U.S. Supreme Court
Leech v. Louisiana, 214 U.S. 175 (1909)
Leech v. Louisiana
Submitted April 15, 1909
Decided May 17, 1909
214 U.S. 175
The Mississippi River is a boundary between Mississippi and Louisiana from below the port of Natchez as far north as Louisiana extends; but below Natchez, all the river is wholly within Louisiana, and that state, subject only to the paramount power of Congress, has exclusive jurisdiction over pilotage in the river between points south of Natchez.
Section 4236, Rev.Stat., Act of March 2, 1837, c. 22, 5 Stat. 153, allowing the master of vessels coming in or going out of ports on boundary rivers to employ any pilot licensed by either state, does not apply to pilotage to ports on a river below the point where it becomes a boundary river, and a pilot licensed only by Mississippi has no right to pilot a vessel from the Gulf of Mexico to New Orleans. Quaere whether, under § 4236, a pilot licensed only by Mississippi can pilot a vessel from the Gulf to Natchez.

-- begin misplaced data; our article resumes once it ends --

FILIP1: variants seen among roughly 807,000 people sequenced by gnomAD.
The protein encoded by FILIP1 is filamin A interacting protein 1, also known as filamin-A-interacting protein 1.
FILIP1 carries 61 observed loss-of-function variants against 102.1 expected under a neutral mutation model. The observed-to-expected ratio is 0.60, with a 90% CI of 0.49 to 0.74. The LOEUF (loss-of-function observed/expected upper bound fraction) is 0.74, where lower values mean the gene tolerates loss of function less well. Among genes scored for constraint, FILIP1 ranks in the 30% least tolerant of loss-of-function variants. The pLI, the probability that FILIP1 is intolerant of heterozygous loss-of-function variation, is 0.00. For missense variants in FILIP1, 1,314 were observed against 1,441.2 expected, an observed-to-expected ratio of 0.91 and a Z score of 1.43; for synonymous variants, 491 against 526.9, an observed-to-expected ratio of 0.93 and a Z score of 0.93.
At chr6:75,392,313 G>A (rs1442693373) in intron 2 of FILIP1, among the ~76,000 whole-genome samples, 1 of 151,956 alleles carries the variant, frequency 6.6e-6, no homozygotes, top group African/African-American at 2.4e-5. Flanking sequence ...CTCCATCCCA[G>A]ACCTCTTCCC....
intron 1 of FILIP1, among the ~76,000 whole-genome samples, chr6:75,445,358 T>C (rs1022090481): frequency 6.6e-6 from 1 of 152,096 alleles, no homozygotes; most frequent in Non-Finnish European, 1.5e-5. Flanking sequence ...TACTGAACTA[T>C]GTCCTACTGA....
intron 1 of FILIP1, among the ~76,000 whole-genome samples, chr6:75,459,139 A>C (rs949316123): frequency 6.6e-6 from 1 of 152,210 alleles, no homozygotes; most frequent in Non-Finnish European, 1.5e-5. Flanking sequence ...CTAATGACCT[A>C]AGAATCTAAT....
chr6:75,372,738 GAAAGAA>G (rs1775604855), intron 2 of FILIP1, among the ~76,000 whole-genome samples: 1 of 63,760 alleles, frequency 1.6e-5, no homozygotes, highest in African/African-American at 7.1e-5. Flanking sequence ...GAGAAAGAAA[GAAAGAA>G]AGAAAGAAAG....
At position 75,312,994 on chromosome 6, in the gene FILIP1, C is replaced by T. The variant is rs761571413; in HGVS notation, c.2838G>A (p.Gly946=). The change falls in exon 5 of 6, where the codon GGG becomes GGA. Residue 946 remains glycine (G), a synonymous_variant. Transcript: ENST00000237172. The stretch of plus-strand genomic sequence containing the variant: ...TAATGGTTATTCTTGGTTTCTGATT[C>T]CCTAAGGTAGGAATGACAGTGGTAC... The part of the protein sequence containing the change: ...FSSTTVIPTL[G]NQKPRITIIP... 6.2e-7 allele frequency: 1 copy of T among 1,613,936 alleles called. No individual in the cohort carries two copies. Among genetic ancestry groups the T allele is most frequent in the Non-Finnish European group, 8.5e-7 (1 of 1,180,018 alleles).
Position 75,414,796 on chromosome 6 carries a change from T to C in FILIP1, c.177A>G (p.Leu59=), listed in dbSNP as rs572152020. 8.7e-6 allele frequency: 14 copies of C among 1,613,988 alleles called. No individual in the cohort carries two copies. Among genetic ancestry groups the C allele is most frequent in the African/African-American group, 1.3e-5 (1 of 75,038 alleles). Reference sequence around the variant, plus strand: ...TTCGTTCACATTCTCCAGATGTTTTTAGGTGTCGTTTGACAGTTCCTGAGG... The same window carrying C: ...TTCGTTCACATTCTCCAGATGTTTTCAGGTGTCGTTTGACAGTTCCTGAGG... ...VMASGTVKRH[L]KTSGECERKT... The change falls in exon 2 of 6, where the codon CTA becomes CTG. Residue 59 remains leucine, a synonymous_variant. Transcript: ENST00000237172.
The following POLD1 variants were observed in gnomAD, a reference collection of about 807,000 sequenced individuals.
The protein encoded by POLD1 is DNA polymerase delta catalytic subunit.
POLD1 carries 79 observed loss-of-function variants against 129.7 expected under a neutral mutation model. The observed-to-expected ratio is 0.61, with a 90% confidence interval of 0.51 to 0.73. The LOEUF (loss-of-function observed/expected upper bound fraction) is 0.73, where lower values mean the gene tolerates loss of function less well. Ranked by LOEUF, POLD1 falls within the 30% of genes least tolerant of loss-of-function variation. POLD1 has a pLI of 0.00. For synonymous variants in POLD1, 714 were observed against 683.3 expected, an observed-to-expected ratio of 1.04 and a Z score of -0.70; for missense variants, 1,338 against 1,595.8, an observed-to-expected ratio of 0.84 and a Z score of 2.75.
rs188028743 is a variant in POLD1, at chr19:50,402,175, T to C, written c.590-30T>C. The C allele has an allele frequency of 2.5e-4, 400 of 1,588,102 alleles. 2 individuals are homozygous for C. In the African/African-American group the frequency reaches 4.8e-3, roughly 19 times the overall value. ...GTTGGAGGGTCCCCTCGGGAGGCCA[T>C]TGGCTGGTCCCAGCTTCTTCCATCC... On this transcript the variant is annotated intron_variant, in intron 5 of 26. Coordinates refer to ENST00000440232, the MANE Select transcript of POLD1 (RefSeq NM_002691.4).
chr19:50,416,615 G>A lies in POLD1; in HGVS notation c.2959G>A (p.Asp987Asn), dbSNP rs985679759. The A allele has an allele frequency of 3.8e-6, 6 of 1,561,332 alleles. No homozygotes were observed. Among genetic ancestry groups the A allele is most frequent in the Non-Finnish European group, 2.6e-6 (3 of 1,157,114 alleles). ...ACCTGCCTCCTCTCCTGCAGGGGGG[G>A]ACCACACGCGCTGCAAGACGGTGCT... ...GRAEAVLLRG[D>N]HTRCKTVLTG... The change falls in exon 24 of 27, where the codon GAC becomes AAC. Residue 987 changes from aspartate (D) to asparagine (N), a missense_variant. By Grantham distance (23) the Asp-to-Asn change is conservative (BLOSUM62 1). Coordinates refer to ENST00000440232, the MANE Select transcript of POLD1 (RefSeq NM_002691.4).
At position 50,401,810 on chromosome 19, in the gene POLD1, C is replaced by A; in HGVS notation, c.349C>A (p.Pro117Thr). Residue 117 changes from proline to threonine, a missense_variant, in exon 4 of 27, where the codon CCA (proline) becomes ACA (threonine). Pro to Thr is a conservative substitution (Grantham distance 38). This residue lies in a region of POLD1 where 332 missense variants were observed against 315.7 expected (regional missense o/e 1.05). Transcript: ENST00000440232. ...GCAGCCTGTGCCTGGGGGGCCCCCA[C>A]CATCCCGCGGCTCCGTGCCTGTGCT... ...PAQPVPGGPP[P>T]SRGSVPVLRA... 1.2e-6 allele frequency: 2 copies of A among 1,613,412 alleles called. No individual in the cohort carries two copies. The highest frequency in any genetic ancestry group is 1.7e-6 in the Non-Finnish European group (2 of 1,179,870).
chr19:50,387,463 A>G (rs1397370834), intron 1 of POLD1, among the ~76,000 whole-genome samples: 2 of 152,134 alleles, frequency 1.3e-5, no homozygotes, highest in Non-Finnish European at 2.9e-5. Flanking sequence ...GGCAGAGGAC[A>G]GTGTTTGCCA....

Neither continuity of water nor identity of name will make a river a boundary river except where it flows between the states it separates for a part of its course; it ceases to be a boundary river wherever it is wholly within one state.
119 La. 522 affirmed.
The facts are stated in the opinion. chanrobles.com-red